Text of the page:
equation image

Here, α1 ∈ [0,2] denotes a weighting factor adjusting impact of the curvature term. Using this speed function for propagation and the cell nuclei position and extension for initialization of the FMLS, touching or overlapping cells can be split as seen in Figures 2B and 2C.

For further information on the FMLS based cell splitting method, see Held et al. (9).

Performance Metric and Optimization

The modules for k-means clustering and the graph cut–based workflow show several free parameters. To improve automated assessment of the macrophages, each module's free parameters are optimized with respect to a manually provided ground truth by using genetic algorithms (19). The GALib library developed by Wall (20) has been used here. To avoid memorization and thus overfitting, a threefold cross-validation is included. The complete dataset is split into three disjunctive subsets. Two of the subsets are then used for training of the proposed image processing algorithms, while the remaining third subset is used for evaluation. This procedure is repeated for all three combinations of training and testing data. Using this cross-validation scheme, training and testing are always performed on different images.

For evaluation of the segmentation performance, each segmented cell region Si,i = 1,…,n is compared with the nearest and best-matching manually annotated ground truth cell Tj,j = 1,…,m, where the number of segmented cells is denoted with n, and m describes the number of ground truth cells. For evaluation of the segmentation accuracy of each cell, mapping is performed in which the best-fitting segmented cell is searched for the nearest ground truth cell. For the fitting and for performance evaluation, the overlap between two cells, also known as the Jaccard similarity measure Jij (21), is used:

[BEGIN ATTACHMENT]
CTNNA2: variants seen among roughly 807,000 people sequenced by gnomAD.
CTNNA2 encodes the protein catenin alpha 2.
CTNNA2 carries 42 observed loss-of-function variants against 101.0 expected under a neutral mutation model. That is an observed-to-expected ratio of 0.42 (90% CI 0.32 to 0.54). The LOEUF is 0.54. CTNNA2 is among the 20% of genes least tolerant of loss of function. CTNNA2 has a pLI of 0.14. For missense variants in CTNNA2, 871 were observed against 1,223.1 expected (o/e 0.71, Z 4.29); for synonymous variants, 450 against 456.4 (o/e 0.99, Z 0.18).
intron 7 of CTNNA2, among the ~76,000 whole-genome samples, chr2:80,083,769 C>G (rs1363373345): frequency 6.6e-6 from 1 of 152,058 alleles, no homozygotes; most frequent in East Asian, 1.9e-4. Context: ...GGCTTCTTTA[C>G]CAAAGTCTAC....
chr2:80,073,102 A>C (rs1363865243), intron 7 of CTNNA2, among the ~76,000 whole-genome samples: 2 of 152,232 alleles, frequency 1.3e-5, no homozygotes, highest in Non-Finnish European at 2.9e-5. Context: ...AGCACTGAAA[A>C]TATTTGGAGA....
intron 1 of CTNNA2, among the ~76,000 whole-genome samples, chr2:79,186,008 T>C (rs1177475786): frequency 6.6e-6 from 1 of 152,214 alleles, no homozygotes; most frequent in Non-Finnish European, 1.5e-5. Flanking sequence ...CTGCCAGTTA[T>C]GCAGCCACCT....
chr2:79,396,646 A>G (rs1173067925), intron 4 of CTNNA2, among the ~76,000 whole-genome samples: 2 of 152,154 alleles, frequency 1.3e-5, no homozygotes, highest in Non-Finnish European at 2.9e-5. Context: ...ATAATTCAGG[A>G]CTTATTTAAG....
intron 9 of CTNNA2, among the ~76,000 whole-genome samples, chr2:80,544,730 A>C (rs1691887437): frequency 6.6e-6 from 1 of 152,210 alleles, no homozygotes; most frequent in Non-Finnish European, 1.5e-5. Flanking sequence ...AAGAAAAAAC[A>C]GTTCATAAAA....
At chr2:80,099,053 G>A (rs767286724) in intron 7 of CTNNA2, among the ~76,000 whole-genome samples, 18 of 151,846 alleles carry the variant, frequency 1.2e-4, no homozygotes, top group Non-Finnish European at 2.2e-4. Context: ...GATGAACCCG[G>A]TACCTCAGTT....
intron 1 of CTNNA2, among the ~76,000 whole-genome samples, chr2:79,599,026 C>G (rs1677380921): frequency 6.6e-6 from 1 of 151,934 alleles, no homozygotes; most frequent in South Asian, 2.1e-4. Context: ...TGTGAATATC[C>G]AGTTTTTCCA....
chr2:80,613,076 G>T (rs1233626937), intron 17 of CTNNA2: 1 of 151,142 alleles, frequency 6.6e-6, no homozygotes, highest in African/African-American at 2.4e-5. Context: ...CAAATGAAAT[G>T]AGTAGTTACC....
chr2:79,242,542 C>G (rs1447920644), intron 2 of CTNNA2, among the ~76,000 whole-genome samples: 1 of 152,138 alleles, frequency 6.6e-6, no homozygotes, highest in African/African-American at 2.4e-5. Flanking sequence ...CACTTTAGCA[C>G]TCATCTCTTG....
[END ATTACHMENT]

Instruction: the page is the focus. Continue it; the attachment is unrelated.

equation image

The Jaccard measure yields high values for a good overlap and 1 for complete identity, while low values denote bad overlaps and 0 corresponds to disjunctive regions.

Segmented objects that best fit to boundary cells or cells that could not be accurately delineated (red cells in Fig. 1) are not considered for evaluation. As a result of this, parameter optimization by the genetic algorithm as well as evaluation are not biased by such cells.


For comparison of the segmentation performance, each module's parameters were automatically optimized relative to the manually annotated ground truth. The resulting measurements showed that the proposed graph cut–based segmentation method outperforms the reference k-means clustering algorithm (Fig. 5). To determine whether the segmentation performance differs significantly from the results obtained with the reference method, a nonparametric Friedman test was applied, which showed a high level of statistical significance at P < 0.0001.